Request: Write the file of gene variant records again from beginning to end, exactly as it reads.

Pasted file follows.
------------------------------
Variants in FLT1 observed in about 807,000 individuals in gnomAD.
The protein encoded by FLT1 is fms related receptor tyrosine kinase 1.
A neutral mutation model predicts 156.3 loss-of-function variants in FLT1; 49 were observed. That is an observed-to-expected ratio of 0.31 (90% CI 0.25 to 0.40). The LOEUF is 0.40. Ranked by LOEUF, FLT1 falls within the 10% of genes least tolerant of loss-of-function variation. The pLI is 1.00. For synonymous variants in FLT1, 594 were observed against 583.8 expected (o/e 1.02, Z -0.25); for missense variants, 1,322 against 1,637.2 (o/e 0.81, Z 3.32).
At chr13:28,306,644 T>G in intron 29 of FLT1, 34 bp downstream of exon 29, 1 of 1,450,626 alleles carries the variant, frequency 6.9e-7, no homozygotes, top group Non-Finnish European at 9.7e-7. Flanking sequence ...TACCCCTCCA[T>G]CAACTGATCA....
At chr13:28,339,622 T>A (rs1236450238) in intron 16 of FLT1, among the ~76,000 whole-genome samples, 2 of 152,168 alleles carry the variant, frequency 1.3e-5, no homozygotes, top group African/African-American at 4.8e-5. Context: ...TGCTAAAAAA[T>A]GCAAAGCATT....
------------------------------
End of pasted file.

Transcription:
Variants in FLT1 observed in about 807,000 individuals in gnomAD.
The protein encoded by FLT1 is fms related receptor tyrosine kinase 1.
A neutral mutation model predicts 156.3 loss-of-function variants in FLT1; 49 were observed. That is an observed-to-expected ratio of 0.31 (90% CI 0.25 to 0.40). The LOEUF is 0.40. Ranked by LOEUF, FLT1 falls within the 10% of genes least tolerant of loss-of-function variation. The pLI is 1.00. For synonymous variants in FLT1, 594 were observed against 583.8 expected (o/e 1.02, Z -0.25); for missense variants, 1,322 against 1,637.2 (o/e 0.81, Z 3.32).
At chr13:28,306,644 T>G in intron 29 of FLT1, 34 bp downstream of exon 29, 1 of 1,450,626 alleles carries the variant, frequency 6.9e-7, no homozygotes, top group Non-Finnish European at 9.7e-7. Flanking sequence ...TACCCCTCCA[T>G]CAACTGATCA....
At chr13:28,339,622 T>A (rs1236450238) in intron 16 of FLT1, among the ~76,000 whole-genome samples, 2 of 152,168 alleles carry the variant, frequency 1.3e-5, no homozygotes, top group African/African-American at 4.8e-5. Context: ...TGCTAAAAAA[T>A]GCAAAGCATT....